Parashas Lech-Lecha

In Tehillim 45, an ode to the Jewish king and his queen, it is written (verse 8): “You loved righteousness and hated wickedness; therefore God, your God, has anointed you with the oil of joyous consecration above your fellows.” The Midrash interprets this verse as referring to Avraham. The Midrash teaches (Bereishis Rabbah 39:6):
When Avraham arose before Hashem to plead for mercy for the men of Sodom, he said: “Far be it from You to such a thing, to put to death the righteous along with the wicked, so that the righteous should be treated like the wicked.” He argued: “You swore not to bring a flood upon the world, but now You are going to cleverly sidestep this oath? Instead of bringing a flood of water, You are going to bring a flood of fire? If this is what You do, you will not be truly keeping Your oath.” He said further: “The Judge of the entire world will not do justice?” He argued: “If You want there to be a world, You cannot impose strict justice. And if You want to impose strict justice, there will not be a world. You are trying to hold onto both ends of the rope – You want both a world and strict justice. Pick one of them. If You don’t compromise a little on imposing justice, the world won’t be able to stand.” Said Hashem to Avraham: “‘You loved righteousness and hated wickedness; therefore God, your God, has anointed you with the oil of joyous consecration above your fellows.’ Who are your ‘fellows’? The ten generations from Noach down to you. I did not speak with any of them – only with you.”
The Maggid links this Midrash to the following Gemara (Shabbos 112b): “If those of former times were angels, we are men. And if they were men, we are donkeys.” The Maggid explains this deep teaching, and then he discusses how it is connected with the Midrash. He brings out the idea with an analogy. Suppose someone standing in a store sees the owner sell a certain item for $100, and then later sees him sell the same item to another customer for $75. He is then left to wonder: Did the first customer pay the market value and the second get a discount, or did the second customer pay the market value and the first volunteer to pay extra?
This, the Maggid says, is exactly the type of question that the Tannaim were prompted to ask when they compared their level of service to Hashem with the level of those of former times. In former times, the world was filled with spiritual giants: prophets, great sages, and saints – individuals who were part of Hashem’s inner counsel. They, like us, were mortals – born of a woman and made up of earth – yet, in terms of spiritual achievements, the little finger of one of them was thicker than the waist of one of us. Did those of former times go beyond what is expected of man, and reach the level of angels? If so, then we can reckon that we are serving Hashem at the level of expected of man. But if they merely fulfilled what is expected of man, then we are serving Hashem at a level much lower than expected of man – at the level of a donkey. Fortunately, a Midrash in Vayikra Rabbah 1:1 suggests that we can resolve the doubt in our favor. In speaking of how Hashem took us out of Egypt under the leadership of Moshe, the Torah states (Bamidbar 20:16): “He sent an agent [מלאך – angel] and took us out of Egypt.” From this statement, the Midrash in Vayikra Rabbah 1:1 concludes that the prophets were like angels, implying that we are worthy of the noble title of “man.”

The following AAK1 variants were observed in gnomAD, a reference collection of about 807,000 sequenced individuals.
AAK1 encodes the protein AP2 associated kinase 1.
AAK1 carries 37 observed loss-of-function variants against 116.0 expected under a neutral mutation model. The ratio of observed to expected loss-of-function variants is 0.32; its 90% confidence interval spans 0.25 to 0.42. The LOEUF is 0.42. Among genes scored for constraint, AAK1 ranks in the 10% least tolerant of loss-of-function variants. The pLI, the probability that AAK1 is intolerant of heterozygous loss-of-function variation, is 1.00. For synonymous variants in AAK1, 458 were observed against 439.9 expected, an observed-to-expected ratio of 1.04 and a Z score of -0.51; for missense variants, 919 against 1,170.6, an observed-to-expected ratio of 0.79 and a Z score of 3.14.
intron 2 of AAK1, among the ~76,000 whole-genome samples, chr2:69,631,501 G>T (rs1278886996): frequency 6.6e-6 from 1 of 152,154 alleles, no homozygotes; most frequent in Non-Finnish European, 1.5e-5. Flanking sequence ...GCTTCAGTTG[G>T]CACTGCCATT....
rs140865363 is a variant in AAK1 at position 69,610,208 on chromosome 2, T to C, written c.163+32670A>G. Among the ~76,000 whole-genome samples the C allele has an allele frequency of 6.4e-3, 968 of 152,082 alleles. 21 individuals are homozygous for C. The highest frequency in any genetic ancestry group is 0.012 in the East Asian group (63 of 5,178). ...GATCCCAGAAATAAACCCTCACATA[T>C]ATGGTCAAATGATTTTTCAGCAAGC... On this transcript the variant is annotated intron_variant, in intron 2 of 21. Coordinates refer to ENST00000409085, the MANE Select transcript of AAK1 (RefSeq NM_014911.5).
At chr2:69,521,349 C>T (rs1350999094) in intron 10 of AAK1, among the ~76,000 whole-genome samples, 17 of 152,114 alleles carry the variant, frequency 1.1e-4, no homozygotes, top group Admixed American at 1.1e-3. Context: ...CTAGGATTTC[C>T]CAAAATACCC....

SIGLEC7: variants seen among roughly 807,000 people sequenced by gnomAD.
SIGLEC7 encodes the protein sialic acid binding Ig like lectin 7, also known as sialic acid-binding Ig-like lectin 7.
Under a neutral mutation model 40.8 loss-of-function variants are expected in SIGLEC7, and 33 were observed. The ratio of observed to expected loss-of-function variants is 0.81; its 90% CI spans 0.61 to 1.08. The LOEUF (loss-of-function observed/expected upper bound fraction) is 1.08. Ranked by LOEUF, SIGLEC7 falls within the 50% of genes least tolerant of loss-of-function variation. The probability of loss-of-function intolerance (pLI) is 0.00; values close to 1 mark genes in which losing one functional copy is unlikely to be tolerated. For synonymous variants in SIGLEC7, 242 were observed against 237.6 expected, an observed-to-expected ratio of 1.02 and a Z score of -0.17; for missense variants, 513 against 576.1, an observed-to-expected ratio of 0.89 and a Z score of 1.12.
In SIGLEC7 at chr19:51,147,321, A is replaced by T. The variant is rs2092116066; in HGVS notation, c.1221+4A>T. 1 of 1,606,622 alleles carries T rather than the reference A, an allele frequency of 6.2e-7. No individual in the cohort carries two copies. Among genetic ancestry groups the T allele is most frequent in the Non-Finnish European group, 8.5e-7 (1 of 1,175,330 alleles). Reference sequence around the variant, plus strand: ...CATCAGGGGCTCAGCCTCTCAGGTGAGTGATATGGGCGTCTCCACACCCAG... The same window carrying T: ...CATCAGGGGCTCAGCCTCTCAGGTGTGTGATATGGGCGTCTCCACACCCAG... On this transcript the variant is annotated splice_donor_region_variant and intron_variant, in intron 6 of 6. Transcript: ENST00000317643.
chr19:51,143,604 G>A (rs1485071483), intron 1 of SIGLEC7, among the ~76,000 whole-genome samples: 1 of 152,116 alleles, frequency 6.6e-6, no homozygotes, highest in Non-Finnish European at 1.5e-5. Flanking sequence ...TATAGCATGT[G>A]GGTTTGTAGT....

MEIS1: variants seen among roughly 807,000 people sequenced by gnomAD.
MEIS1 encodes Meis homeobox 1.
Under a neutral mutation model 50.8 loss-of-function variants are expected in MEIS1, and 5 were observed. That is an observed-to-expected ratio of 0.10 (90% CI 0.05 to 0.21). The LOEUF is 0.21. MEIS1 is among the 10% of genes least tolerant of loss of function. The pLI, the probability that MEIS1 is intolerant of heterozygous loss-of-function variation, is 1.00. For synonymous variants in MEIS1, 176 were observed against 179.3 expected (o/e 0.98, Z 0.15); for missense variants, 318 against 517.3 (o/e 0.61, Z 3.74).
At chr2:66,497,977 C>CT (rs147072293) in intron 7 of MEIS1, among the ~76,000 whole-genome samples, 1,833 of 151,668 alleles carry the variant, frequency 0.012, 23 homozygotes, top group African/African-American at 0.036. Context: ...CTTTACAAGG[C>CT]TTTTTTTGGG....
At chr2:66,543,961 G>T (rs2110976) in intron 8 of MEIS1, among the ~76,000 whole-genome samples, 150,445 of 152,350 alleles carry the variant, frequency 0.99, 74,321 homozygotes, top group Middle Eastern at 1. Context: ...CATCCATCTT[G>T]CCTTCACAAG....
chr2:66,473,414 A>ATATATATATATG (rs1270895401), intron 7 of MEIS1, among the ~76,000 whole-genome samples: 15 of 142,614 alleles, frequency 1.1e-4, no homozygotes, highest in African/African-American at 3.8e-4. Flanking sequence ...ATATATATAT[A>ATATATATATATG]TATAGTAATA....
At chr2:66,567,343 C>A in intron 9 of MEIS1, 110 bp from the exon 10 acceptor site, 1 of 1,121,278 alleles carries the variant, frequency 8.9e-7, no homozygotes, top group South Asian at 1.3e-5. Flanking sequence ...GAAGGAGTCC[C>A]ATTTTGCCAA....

We now return to the Midrash with which we began. Let us consider again the analogy of the customers in the store. If the second customer paid the market value and the first one paid extra, then the owner would naturally rejoice over receiving a windfall from the first customer. But if the first customer paid the market value and the second paid less, the owner has no cause to rejoice over what he received from the first customer; on the contrary, he would lament having received less than he should have from the second. Now, before Avraham prayed for mercy for the men of Sodom, Hashem expected from His world, so to speak, a superior level of service, in line with His greatness. Hence, He had no cause to rejoice over Avraham’s exemplary service to Him, for it was no more than what He expected. Rather, He was upset over the deficient service that others rendered Him. But after Avraham’s prayer, Hashem lowered His demands, so to speak, in recognition of the fact that He could not demand His “full rights” and expect the world to remain standing. He then had cause for great joy over Avraham’s service, for it far exceeded what He now expected of man.
Thus, Hashem declared: “You loved righteousness and hated wickedness; therefore God, your God, has anointed you with the oil of joyous consecration above your fellows.” He was saying: “You loved righteousness and hated wickedness. Yet, you also desired to vindicate man, and opposed indictments against him. You preferred to prevail upon Me to lower My demands on man. Therefore, I have anointed you with the oil of joyous consecration. I am joyous over your righteousness and piety, which so greatly exceeds that of your fellow men. I therefore set you above your fellows – I single you out as the one with whom I speak.”
David Zucker, Site Administrator

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